ICE and the DEA have secretly hidden cameras in some streetlights

Government procurement data reveals that US Immigration and Customs Enforcement and the Drug Enforcement Agency have each spent tens of thousands of dollars on products from Houston’s Cowboy Streetlight Concealments LLC, which specializes in fake streetlight housings designed to conceal surveillance cameras.

Since June, the DEA has spent $22,000 with Cowboy; ICE’s total is about $28K. Neither the government agencies nor Cowboy Streetlight Concealments will reveal where or how the hidden camera housings were used.

The DEA is currently advertising for competitive bids for “concealments made to house network PTZ [Pan-Tilt-Zoom] camera, cellular modem, cellular compression device.” In the absence of a competitive bid, it will award the contract to Oregon’s Obsidian Integration LLC; Obsidian recently provided concealed cameras to the Jersey City PD.

The DEA also uses traffic barrels and digital speed displays to to conceal its covert cameras.

Christie Crawford, who owns Cowboy Streetlight Concealments with her husband, a Houston police officer, said she was not at liberty to discuss the company’s federal contracts in detail.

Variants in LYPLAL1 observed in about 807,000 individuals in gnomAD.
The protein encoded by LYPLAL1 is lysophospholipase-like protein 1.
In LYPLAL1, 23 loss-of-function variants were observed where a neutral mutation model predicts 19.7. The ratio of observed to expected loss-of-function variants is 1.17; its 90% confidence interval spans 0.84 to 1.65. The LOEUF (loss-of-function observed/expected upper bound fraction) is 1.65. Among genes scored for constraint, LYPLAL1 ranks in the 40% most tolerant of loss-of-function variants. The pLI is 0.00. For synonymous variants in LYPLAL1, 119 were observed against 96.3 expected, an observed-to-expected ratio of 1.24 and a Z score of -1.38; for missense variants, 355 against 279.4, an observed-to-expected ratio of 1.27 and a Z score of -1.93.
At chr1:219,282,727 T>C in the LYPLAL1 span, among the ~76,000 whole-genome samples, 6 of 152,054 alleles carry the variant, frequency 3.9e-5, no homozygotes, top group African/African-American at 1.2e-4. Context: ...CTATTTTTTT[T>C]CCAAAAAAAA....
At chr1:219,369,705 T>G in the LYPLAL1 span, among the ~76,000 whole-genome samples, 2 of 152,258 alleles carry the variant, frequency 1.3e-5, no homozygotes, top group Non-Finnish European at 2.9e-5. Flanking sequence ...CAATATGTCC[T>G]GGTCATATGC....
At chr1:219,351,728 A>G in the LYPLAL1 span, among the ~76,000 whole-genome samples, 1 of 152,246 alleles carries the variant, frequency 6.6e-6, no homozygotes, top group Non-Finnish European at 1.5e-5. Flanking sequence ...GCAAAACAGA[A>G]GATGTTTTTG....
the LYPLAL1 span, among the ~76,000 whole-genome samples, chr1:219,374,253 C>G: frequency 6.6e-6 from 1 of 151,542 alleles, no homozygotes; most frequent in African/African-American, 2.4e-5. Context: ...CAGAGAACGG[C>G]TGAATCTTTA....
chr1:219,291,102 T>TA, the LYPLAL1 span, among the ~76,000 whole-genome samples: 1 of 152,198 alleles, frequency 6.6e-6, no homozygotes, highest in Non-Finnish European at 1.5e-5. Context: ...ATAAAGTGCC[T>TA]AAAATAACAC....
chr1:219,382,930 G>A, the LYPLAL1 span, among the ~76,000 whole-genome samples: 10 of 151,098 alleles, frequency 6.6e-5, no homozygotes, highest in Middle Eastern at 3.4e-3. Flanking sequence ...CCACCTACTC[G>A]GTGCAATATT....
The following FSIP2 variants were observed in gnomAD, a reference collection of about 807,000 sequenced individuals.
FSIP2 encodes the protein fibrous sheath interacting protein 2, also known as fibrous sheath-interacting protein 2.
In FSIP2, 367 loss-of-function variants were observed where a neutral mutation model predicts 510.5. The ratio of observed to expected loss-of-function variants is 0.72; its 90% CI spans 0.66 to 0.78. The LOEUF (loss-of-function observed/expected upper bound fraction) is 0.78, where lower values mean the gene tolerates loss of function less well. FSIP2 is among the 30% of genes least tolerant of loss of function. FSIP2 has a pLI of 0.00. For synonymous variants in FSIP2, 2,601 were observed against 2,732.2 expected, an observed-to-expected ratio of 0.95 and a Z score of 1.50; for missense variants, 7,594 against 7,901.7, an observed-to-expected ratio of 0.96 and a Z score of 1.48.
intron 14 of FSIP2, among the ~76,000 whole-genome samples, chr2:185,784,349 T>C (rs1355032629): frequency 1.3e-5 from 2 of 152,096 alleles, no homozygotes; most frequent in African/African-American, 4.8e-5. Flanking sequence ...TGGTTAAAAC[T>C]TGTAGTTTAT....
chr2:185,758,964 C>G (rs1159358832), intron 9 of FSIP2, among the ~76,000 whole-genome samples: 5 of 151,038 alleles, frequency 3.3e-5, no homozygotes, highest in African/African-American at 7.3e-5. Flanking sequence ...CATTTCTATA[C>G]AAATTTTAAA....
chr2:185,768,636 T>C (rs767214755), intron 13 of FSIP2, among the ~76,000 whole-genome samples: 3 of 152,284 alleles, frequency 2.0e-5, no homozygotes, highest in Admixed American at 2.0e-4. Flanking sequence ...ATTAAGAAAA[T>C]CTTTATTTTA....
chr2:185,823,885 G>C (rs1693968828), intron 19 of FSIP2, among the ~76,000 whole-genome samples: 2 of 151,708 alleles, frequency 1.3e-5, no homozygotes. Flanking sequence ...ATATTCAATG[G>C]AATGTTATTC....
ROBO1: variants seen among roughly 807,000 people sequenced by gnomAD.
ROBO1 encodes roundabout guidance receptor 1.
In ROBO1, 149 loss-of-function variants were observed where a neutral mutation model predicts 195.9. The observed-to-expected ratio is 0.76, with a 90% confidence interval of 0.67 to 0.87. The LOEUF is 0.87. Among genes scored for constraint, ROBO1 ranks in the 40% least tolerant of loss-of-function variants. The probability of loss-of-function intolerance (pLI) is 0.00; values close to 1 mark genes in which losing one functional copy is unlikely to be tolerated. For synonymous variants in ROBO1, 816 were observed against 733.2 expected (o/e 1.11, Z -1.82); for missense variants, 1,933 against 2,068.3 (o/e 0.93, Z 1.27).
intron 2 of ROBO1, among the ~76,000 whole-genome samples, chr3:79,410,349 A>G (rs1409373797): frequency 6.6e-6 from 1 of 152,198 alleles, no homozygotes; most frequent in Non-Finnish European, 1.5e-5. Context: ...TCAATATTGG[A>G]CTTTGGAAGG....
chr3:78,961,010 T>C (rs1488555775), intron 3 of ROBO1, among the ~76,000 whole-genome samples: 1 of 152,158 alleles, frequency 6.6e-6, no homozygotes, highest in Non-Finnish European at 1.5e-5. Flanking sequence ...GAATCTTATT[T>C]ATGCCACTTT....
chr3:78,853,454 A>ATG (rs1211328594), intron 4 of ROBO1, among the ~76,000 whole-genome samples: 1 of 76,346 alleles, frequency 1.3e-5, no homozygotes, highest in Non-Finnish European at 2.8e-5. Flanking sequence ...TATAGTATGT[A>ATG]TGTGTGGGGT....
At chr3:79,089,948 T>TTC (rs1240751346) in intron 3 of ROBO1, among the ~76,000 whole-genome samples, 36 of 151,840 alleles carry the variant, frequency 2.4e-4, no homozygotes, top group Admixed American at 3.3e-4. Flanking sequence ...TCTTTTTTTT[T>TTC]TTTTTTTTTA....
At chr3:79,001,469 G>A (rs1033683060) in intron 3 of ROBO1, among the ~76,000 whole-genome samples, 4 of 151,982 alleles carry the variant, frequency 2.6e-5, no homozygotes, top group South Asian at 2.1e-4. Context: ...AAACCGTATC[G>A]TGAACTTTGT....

“We do streetlight concealments and camera enclosures,” Crawford told Quartz. “Basically, there’s businesses out there that will build concealments for the government and that’s what we do. They specify what’s best for them, and we make it. And that’s about all I can probably say.”

However, she added: “I can tell you this—things are always being watched. It doesn’t matter if you’re driving down the street or visiting a friend, if government or law enforcement has a reason to set up surveillance, there’s great technology out there to do it.”

The DEA and ICE are hiding surveillance cameras in streetlights [Justin Rohrlich & Dave Gershgorn/Quartz]

(Image: Cowboy Concealments; twistedrhye, Cryteria, CC-BY)